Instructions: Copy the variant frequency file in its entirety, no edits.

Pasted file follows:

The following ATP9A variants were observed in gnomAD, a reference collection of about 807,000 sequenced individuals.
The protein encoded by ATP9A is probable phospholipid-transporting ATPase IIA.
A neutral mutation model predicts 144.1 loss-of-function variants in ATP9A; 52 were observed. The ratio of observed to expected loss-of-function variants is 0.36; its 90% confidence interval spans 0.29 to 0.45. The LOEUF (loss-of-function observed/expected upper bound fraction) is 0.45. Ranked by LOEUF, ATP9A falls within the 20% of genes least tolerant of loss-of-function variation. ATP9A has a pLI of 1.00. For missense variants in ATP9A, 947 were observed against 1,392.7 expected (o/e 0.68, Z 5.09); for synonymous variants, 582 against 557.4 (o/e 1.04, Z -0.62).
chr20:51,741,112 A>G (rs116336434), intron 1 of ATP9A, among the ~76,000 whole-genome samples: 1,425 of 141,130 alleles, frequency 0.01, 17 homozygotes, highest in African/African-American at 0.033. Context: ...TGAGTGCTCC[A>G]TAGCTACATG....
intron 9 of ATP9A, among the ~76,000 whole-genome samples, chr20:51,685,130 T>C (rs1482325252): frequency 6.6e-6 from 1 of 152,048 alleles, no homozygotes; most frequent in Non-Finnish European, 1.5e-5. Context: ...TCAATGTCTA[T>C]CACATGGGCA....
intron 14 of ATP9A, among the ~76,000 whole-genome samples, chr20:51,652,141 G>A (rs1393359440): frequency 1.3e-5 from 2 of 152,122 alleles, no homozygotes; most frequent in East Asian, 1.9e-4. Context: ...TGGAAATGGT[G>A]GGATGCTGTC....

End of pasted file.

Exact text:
The following ATP9A variants were observed in gnomAD, a reference collection of about 807,000 sequenced individuals.
The protein encoded by ATP9A is probable phospholipid-transporting ATPase IIA.
A neutral mutation model predicts 144.1 loss-of-function variants in ATP9A; 52 were observed. The ratio of observed to expected loss-of-function variants is 0.36; its 90% confidence interval spans 0.29 to 0.45. The LOEUF (loss-of-function observed/expected upper bound fraction) is 0.45. Ranked by LOEUF, ATP9A falls within the 20% of genes least tolerant of loss-of-function variation. ATP9A has a pLI of 1.00. For missense variants in ATP9A, 947 were observed against 1,392.7 expected (o/e 0.68, Z 5.09); for synonymous variants, 582 against 557.4 (o/e 1.04, Z -0.62).
chr20:51,741,112 A>G (rs116336434), intron 1 of ATP9A, among the ~76,000 whole-genome samples: 1,425 of 141,130 alleles, frequency 0.01, 17 homozygotes, highest in African/African-American at 0.033. Context: ...TGAGTGCTCC[A>G]TAGCTACATG....
intron 9 of ATP9A, among the ~76,000 whole-genome samples, chr20:51,685,130 T>C (rs1482325252): frequency 6.6e-6 from 1 of 152,048 alleles, no homozygotes; most frequent in Non-Finnish European, 1.5e-5. Context: ...TCAATGTCTA[T>C]CACATGGGCA....
intron 14 of ATP9A, among the ~76,000 whole-genome samples, chr20:51,652,141 G>A (rs1393359440): frequency 1.3e-5 from 2 of 152,122 alleles, no homozygotes; most frequent in East Asian, 1.9e-4. Context: ...TGGAAATGGT[G>A]GGATGCTGTC....